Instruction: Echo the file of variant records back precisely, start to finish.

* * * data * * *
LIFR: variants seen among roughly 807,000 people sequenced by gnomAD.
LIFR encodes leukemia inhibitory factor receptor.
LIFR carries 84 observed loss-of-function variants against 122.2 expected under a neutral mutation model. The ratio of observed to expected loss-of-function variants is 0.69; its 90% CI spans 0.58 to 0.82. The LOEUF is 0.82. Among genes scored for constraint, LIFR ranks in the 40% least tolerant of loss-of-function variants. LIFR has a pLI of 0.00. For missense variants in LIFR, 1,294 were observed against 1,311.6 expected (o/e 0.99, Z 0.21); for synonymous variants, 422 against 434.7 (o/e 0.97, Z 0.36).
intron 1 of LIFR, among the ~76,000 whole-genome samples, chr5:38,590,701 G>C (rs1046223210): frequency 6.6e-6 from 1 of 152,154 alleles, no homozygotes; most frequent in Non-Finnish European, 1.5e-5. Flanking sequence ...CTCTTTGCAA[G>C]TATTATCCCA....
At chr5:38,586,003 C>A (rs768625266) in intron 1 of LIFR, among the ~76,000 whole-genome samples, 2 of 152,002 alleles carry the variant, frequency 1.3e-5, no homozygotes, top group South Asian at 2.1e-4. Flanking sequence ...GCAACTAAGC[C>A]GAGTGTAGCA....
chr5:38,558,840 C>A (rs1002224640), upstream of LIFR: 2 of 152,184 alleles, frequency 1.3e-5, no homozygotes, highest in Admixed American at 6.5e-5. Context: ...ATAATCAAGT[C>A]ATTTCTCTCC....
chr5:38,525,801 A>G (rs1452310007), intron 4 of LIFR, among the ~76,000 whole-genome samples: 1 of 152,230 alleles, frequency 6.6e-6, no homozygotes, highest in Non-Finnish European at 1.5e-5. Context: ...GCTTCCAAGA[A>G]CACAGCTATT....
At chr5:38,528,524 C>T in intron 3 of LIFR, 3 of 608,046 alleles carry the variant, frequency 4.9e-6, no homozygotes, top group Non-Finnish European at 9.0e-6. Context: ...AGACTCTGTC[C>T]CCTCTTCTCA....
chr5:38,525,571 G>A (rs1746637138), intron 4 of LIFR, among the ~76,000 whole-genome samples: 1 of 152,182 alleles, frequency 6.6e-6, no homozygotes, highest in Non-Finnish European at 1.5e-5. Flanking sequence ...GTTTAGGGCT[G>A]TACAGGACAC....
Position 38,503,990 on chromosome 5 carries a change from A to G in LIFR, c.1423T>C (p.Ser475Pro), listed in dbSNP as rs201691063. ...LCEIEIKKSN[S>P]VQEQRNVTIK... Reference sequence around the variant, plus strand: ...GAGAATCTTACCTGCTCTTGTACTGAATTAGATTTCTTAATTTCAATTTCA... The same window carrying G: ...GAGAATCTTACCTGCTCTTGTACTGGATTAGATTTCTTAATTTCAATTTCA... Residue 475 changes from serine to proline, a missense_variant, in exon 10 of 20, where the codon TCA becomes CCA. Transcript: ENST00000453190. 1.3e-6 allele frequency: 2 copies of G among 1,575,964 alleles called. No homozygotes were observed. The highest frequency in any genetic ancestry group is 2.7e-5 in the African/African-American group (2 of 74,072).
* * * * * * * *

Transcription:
LIFR: variants seen among roughly 807,000 people sequenced by gnomAD.
LIFR encodes leukemia inhibitory factor receptor.
LIFR carries 84 observed loss-of-function variants against 122.2 expected under a neutral mutation model. The ratio of observed to expected loss-of-function variants is 0.69; its 90% CI spans 0.58 to 0.82. The LOEUF is 0.82. Among genes scored for constraint, LIFR ranks in the 40% least tolerant of loss-of-function variants. LIFR has a pLI of 0.00. For missense variants in LIFR, 1,294 were observed against 1,311.6 expected (o/e 0.99, Z 0.21); for synonymous variants, 422 against 434.7 (o/e 0.97, Z 0.36).
intron 1 of LIFR, among the ~76,000 whole-genome samples, chr5:38,590,701 G>C (rs1046223210): frequency 6.6e-6 from 1 of 152,154 alleles, no homozygotes; most frequent in Non-Finnish European, 1.5e-5. Flanking sequence ...CTCTTTGCAA[G>C]TATTATCCCA....
At chr5:38,586,003 C>A (rs768625266) in intron 1 of LIFR, among the ~76,000 whole-genome samples, 2 of 152,002 alleles carry the variant, frequency 1.3e-5, no homozygotes, top group South Asian at 2.1e-4. Flanking sequence ...GCAACTAAGC[C>A]GAGTGTAGCA....
chr5:38,558,840 C>A (rs1002224640), upstream of LIFR: 2 of 152,184 alleles, frequency 1.3e-5, no homozygotes, highest in Admixed American at 6.5e-5. Context: ...ATAATCAAGT[C>A]ATTTCTCTCC....
chr5:38,525,801 A>G (rs1452310007), intron 4 of LIFR, among the ~76,000 whole-genome samples: 1 of 152,230 alleles, frequency 6.6e-6, no homozygotes, highest in Non-Finnish European at 1.5e-5. Context: ...GCTTCCAAGA[A>G]CACAGCTATT....
At chr5:38,528,524 C>T in intron 3 of LIFR, 3 of 608,046 alleles carry the variant, frequency 4.9e-6, no homozygotes, top group Non-Finnish European at 9.0e-6. Context: ...AGACTCTGTC[C>T]CCTCTTCTCA....
chr5:38,525,571 G>A (rs1746637138), intron 4 of LIFR, among the ~76,000 whole-genome samples: 1 of 152,182 alleles, frequency 6.6e-6, no homozygotes, highest in Non-Finnish European at 1.5e-5. Flanking sequence ...GTTTAGGGCT[G>A]TACAGGACAC....
Position 38,503,990 on chromosome 5 carries a change from A to G in LIFR, c.1423T>C (p.Ser475Pro), listed in dbSNP as rs201691063. ...LCEIEIKKSN[S>P]VQEQRNVTIK... Reference sequence around the variant, plus strand: ...GAGAATCTTACCTGCTCTTGTACTGAATTAGATTTCTTAATTTCAATTTCA... The same window carrying G: ...GAGAATCTTACCTGCTCTTGTACTGGATTAGATTTCTTAATTTCAATTTCA... Residue 475 changes from serine to proline, a missense_variant, in exon 10 of 20, where the codon TCA becomes CCA. Transcript: ENST00000453190. 1.3e-6 allele frequency: 2 copies of G among 1,575,964 alleles called. No homozygotes were observed. The highest frequency in any genetic ancestry group is 2.7e-5 in the African/African-American group (2 of 74,072).